The challenge for Catholics today, Sister Catherine said, is “handing down the wisdom and the experience of the Council to the next generations. So it’s not really just about 100 years. It’s about the generations who are taught about it, who are involved in it, who take it on as their identity.

“It’s how the third generation embraces it that is going to reveal whether this Council has been received.”



Thursday, July 25

Friday, July 26

Saturday, July 27

DVDs of all of Sister Catherine’s presentations will be available through Manna House of Prayer. To order a set or for more information, contact Susan LeDuc at retreatcenter@mannahouse.org



3 Responses to “2013 Theological Institute concludes at Motherhouse”

  1. Moni McIntyre on May 3rd, 2015 5:31 am

    Hi Cathy!
    I have been thinking about you and hoping that all is well. I would love to reconnect with you. Did you know that John Sivalon is at the University of Scranton?

  2. Mary Marg on August 12th, 2013 10:09 pm

    Catherine……Cathy oh my goodness I was, and am, so excited to find you here on the Motherhouse web-site. I have looked for you in the Motherhouse paper, when we use to get it, and watch for you as I look at the news here on the web-site every so often. I often wonder where you are and what life has held for you. Reading your bio above, it looks like higher education was your calling. I hope this finds you well and enjoying many of the Lord’s blessings.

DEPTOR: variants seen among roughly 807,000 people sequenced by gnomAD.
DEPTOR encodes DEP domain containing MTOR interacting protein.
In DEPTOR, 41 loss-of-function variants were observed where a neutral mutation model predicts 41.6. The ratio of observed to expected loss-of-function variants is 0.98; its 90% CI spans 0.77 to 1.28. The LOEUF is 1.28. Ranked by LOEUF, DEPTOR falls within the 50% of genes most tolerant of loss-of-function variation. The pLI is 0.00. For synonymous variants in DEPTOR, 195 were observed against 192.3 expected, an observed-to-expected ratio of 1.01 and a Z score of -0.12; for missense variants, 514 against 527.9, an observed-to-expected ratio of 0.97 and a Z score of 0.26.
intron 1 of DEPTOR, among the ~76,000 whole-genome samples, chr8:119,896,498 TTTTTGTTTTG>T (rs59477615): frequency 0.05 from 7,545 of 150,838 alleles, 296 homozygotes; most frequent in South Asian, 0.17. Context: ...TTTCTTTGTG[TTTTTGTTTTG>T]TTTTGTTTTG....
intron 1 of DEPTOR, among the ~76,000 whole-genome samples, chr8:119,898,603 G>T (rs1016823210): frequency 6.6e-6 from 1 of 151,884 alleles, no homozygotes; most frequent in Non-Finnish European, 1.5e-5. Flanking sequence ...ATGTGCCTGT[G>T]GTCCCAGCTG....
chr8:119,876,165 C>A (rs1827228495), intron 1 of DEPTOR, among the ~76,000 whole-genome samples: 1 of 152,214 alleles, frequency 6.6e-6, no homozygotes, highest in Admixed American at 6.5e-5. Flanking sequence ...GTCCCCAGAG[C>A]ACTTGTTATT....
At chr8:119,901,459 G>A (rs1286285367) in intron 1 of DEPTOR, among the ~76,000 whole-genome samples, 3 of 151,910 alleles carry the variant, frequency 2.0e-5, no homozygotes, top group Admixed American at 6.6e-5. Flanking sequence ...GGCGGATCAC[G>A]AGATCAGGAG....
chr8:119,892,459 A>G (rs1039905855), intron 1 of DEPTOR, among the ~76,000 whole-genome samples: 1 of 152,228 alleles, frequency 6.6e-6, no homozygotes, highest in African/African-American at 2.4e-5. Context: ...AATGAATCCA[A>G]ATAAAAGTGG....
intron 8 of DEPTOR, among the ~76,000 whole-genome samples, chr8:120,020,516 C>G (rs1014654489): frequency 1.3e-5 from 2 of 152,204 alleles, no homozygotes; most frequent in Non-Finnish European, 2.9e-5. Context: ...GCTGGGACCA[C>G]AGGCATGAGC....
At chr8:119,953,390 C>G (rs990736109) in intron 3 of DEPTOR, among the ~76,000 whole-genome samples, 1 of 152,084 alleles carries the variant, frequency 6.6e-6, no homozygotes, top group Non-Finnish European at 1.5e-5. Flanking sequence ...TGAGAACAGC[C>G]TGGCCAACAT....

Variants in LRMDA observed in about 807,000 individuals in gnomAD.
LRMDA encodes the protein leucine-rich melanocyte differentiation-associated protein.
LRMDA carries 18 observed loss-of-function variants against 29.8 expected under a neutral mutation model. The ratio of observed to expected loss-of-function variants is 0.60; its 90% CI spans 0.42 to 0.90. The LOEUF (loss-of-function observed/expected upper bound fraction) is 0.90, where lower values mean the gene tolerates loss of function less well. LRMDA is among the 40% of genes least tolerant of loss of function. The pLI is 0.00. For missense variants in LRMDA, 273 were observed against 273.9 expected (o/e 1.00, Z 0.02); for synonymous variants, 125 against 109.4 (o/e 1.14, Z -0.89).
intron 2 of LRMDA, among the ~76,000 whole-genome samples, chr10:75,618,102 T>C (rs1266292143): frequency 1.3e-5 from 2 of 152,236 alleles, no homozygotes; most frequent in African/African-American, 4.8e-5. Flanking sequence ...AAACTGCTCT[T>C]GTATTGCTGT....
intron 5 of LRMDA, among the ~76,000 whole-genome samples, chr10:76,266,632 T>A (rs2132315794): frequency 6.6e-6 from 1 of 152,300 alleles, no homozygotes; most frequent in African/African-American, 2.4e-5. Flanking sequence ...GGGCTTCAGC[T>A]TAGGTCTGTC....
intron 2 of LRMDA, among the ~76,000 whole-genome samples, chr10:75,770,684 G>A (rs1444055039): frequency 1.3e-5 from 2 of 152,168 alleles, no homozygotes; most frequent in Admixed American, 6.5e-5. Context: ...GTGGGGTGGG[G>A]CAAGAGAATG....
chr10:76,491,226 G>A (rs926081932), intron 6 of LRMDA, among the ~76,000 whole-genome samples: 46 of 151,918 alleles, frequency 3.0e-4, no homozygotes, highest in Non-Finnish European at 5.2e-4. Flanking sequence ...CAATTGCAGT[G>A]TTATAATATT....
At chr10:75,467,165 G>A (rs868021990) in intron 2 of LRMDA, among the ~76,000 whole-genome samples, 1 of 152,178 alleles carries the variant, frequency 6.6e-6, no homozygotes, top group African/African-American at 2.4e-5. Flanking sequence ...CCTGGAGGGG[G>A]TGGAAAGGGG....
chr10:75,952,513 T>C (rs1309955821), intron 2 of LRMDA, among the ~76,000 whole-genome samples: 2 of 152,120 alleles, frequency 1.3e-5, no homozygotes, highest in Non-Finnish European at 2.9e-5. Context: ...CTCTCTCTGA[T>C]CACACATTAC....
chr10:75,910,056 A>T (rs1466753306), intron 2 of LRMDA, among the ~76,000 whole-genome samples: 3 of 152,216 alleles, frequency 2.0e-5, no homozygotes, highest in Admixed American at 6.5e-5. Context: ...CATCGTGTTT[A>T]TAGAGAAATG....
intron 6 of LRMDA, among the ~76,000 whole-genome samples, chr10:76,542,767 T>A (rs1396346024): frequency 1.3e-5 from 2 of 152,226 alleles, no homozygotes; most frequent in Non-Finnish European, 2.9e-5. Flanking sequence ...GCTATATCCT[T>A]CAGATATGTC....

I just “retired” from St. Leo’s Parish here in Grand Island as Liturgist and Pastoral Minister after 16 years. It was great and I loved my ministry.
    Carlene and I moved home here almost thirty years ago. It doesn’t seem possible it’s been that long ago.
    We met some Religious Women from the Sisters For Christian Community and decided we would join their Community. We share life with other SFCC women in our area and with all the different orders of Sisters here in Grand Island. God is Good!!
    I hope you will receive this note. Maybe we can catch up sometime. I would love that. Do you get there to Kansas very often? I’d love to see you and catch up on old times.
    God’s Speed,
    Mary Marg

  3. anne eggleston on July 28th, 2013 8:22 pm

    Thank You—!